Van Drivers: How Safe Is Your Driving?


23 December 2015

It’s a stereotype we’re all familiar with: the so-called 'white van man' being loud, impatient and angry behind the wheel. But is there any truth behind the assumption that van drivers are more dangerous motorists than the rest of us? According to our analysis of five years of police accident data*, as well as a recent survey of UK van drivers**, it seems not.

The results are in

According to our road safety analysis data, van drivers – particularly those aged between 35 and 55 – are among the most confident and controlled motorists on the road. In fact, they’re almost 75% less likely than other motorists to crash because of stalling, hesitating or other ‘nervous’ driving actions.

Furthermore, van drivers tend to be safer in certain situations. They crash 20% less than other motorists while stuck in traffic, 17% less while negotiating roundabouts, 9% less while driving in towns and cities and 7% less while overtaking.

Day-to-day driving

In our recent survey of UK van drivers, we found that 50% are sole traders, while 23% are part of a partnership. With 74% driving between one and four hours every day, that's a lot of time spent roaming the nation's roads. And positively, despite clocking up plenty of miles, 82% of van drivers said they haven't had an accident in the last five years, while 94% haven't been convicted of any driving offences in the same period.

Of those that had received a conviction, almost half said the offence was speeding. Interestingly though, when asked whether they felt any pressure to drive faster for work, 78% of van drivers reported that their speed levels were 'no different' to how they would drive usually – while a cautious 8% drive more slowly in their work vans.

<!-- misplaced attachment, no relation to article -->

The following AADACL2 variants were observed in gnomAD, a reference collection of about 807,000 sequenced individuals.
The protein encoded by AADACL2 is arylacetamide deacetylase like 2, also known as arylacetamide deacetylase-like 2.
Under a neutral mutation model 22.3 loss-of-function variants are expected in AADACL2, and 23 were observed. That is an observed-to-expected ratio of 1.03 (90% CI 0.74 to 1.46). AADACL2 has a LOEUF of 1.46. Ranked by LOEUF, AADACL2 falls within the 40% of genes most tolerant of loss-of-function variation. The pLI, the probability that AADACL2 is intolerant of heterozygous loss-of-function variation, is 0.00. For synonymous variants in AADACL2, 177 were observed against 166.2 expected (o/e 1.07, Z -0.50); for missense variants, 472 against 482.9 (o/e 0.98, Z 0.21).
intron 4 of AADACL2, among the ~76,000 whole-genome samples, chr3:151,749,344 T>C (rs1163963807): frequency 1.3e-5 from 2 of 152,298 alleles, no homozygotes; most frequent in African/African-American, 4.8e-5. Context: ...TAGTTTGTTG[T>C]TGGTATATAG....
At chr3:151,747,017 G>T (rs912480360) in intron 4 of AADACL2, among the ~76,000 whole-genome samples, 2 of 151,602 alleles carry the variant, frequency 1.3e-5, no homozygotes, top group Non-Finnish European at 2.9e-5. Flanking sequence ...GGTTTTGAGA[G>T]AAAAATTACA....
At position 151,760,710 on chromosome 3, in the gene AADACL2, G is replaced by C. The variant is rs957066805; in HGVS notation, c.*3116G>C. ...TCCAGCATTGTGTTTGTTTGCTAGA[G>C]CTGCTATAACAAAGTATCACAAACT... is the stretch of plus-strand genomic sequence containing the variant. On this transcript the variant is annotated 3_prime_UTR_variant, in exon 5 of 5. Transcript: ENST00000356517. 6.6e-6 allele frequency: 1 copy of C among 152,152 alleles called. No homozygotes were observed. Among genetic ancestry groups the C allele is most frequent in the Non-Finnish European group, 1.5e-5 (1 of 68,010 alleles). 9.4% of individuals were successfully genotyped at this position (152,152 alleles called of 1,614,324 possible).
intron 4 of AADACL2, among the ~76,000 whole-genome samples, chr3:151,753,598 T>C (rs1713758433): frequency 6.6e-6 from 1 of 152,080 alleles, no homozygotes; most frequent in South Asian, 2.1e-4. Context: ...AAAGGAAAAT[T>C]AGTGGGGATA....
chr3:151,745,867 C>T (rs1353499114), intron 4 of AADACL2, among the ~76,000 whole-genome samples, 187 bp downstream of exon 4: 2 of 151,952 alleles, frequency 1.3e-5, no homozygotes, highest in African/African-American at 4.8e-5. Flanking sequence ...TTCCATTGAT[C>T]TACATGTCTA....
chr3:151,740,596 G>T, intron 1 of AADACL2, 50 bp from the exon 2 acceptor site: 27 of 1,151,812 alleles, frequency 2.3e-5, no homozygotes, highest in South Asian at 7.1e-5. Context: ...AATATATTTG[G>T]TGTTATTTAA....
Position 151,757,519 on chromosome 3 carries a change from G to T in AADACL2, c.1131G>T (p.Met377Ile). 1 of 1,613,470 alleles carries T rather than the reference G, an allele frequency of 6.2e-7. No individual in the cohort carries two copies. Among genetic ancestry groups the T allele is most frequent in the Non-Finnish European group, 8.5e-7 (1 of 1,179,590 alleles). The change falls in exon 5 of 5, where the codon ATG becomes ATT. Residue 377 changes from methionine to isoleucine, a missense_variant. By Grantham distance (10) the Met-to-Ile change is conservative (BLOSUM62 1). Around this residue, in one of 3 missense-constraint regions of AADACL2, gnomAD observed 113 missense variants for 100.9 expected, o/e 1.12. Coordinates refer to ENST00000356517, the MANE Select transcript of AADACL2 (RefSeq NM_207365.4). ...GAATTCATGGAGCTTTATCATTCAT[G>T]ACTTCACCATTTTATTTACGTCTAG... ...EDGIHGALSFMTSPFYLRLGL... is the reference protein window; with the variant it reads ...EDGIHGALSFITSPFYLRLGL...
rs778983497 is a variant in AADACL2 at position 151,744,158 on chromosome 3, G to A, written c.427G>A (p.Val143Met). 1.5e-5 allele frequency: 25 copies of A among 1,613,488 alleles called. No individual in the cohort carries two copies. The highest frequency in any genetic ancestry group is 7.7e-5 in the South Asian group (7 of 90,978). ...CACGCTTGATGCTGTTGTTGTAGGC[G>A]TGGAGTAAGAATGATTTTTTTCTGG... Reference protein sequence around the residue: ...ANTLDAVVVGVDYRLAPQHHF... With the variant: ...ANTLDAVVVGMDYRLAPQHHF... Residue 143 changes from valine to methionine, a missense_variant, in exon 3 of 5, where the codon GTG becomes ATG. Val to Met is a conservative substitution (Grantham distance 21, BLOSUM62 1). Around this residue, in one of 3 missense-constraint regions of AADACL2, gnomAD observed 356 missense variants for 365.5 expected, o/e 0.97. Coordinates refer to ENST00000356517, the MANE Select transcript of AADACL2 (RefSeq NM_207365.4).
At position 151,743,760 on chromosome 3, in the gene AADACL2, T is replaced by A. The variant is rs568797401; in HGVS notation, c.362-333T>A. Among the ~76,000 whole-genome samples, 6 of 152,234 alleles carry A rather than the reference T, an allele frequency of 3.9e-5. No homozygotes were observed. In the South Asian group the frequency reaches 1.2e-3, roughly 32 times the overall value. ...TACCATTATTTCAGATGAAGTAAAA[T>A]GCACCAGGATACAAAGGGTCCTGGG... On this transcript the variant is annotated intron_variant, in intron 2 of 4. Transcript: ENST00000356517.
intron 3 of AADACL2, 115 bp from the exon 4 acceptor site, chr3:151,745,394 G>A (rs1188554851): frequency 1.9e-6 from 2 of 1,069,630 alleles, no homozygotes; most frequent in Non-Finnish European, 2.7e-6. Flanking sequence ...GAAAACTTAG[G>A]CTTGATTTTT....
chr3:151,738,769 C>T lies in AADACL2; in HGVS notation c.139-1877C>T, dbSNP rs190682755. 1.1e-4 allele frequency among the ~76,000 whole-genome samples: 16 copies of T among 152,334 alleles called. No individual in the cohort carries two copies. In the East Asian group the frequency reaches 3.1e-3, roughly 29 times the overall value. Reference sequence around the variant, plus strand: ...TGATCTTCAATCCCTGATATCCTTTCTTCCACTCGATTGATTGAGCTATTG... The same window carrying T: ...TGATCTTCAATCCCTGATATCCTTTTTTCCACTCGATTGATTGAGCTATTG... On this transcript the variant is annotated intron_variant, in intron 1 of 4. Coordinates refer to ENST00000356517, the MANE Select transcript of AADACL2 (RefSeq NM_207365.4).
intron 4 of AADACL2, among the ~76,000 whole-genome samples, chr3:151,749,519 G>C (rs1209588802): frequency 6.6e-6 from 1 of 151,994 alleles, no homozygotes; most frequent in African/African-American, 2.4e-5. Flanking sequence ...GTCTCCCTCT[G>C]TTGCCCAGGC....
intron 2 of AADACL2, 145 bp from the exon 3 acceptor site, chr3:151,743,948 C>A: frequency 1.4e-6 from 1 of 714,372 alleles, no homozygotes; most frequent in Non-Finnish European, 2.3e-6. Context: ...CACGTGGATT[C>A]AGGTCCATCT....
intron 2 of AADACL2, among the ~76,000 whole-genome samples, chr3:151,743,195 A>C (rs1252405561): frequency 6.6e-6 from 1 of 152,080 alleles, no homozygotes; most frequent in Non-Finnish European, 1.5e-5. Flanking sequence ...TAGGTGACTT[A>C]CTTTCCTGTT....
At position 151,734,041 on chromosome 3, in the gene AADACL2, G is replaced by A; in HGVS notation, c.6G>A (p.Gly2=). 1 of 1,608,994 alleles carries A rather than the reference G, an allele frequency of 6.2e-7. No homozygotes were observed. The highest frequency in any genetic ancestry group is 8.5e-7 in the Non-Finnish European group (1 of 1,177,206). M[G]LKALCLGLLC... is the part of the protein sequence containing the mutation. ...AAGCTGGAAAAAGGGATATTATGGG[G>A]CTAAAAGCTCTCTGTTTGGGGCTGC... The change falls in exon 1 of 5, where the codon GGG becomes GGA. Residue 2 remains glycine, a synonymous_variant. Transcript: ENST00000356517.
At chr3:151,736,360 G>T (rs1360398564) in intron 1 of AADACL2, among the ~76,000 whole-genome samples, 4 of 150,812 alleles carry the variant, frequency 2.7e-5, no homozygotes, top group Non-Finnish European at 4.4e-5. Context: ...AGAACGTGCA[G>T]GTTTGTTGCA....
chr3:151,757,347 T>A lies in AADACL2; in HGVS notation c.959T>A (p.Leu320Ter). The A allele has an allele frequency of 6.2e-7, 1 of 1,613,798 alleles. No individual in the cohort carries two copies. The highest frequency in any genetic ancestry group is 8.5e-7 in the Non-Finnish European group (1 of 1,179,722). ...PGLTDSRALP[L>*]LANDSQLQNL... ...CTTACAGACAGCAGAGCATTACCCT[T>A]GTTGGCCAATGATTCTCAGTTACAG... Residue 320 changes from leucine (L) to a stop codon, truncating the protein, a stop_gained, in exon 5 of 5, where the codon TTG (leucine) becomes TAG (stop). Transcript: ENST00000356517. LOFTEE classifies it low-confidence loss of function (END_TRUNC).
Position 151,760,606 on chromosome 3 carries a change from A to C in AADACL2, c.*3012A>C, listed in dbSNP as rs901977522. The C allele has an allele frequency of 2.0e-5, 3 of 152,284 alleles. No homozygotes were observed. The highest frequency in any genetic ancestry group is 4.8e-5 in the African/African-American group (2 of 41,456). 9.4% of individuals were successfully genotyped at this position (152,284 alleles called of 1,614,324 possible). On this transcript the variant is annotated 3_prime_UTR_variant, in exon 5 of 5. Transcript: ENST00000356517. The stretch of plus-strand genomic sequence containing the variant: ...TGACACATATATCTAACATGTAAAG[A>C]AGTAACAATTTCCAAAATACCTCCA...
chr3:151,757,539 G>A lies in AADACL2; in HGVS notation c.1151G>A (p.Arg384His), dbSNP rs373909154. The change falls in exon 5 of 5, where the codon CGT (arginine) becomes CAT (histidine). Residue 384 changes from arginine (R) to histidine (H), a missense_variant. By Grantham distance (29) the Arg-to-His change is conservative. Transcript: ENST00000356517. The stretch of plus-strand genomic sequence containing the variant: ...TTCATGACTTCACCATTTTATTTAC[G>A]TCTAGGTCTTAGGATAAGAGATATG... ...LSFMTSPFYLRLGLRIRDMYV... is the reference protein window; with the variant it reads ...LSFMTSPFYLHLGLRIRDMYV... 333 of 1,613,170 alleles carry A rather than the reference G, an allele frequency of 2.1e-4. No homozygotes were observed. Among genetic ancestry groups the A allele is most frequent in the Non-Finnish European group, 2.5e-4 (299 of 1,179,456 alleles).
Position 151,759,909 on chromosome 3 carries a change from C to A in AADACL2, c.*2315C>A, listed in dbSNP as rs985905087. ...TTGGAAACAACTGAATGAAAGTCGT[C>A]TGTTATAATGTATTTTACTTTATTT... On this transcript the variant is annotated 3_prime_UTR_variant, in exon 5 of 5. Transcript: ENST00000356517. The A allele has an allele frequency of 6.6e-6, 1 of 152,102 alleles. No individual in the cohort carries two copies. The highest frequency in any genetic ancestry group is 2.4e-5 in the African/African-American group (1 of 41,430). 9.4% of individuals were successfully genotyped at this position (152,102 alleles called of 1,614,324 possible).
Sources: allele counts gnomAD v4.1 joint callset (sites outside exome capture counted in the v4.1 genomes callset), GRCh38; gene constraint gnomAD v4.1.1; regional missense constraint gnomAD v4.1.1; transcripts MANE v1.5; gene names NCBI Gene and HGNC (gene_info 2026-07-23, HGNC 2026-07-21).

Room for improvement

The picture isn’t all rosy, however. Owing to the amount of time van drivers spend on the road, their risk of crashing because of tiredness is almost a quarter higher than for other motorists.

There's also the issue of work-related stress to consider, which can be a contributing factor in road accidents. Although 11% of van drivers reported being cool as a cucumber behind the wheel, and experiencing no stress at all while driving, the vast majority cited several major sources of stress. Here are the top five culprits, which certainly aren't unique to van drivers:

  • Congestion (50%)
  • Road works (44%)
  • Other drivers on the road (41%)
  • Volume of traffic on the roads (38%)
  • Breaking down (33%)

In good news, though, van drivers have developed a range of effective tactics for managing their stress levels. Just over half stop and take a break, or go for a tea or coffee to relieve stress. A further 59% listen to music to lift their mood, while 29% sing along to their favourite tunes.

Can music improve your driving?

The latest studies show that listening to music can keep you alert and in a positive mood, reducing the likelihood of accidents – but only if it’s music you like.

In 2014, scientists in the US performed a series of MRI scans on volunteers while they listened to different types of music. The results showed that playing songs the participants liked would activate a part of the brain called the ‘default mode network’, which helps us switch our attention between our thoughts and what’s going on around us. In short, good music helps us stay aware and think quickly.

We consulted Dr. Don Knox, an expert music psychologist at Glasgow Caledonian University, who agreed with the findings: "Listening to our favourite music, loud or quiet, can increase our engagement in activities like driving and can enhance enjoyment, performance and accuracy."

Our survey also found that 73% of van drivers get their music fix from listening to the radio when driving for work, while 36% listen to CDs and a tiny minority of 6% are still jamming along to much-loved cassette tapes.

Darrell Sansom, Managing Director here at AXA Business Insurance, recommends keeping the head-banging to a minimum if you want to keep that record though, saying: “Our advice would be to enjoy but to keep the music in your van at a level where you can still hear what’s going on around you… and to keep your hands on the wheel and your eyes on the road!”

Looking at all this data, it's clear to see that the myth of the angry 'white van man' is just that: an outdated stereotype.

Find out more about keeping your van on the road with van insurance from AXA Business Insurance.

*AXA Business Insurance and Road Safety Analysis, June 2014

**AXA Business Insurance survey, March 2015 (310 UK van drivers)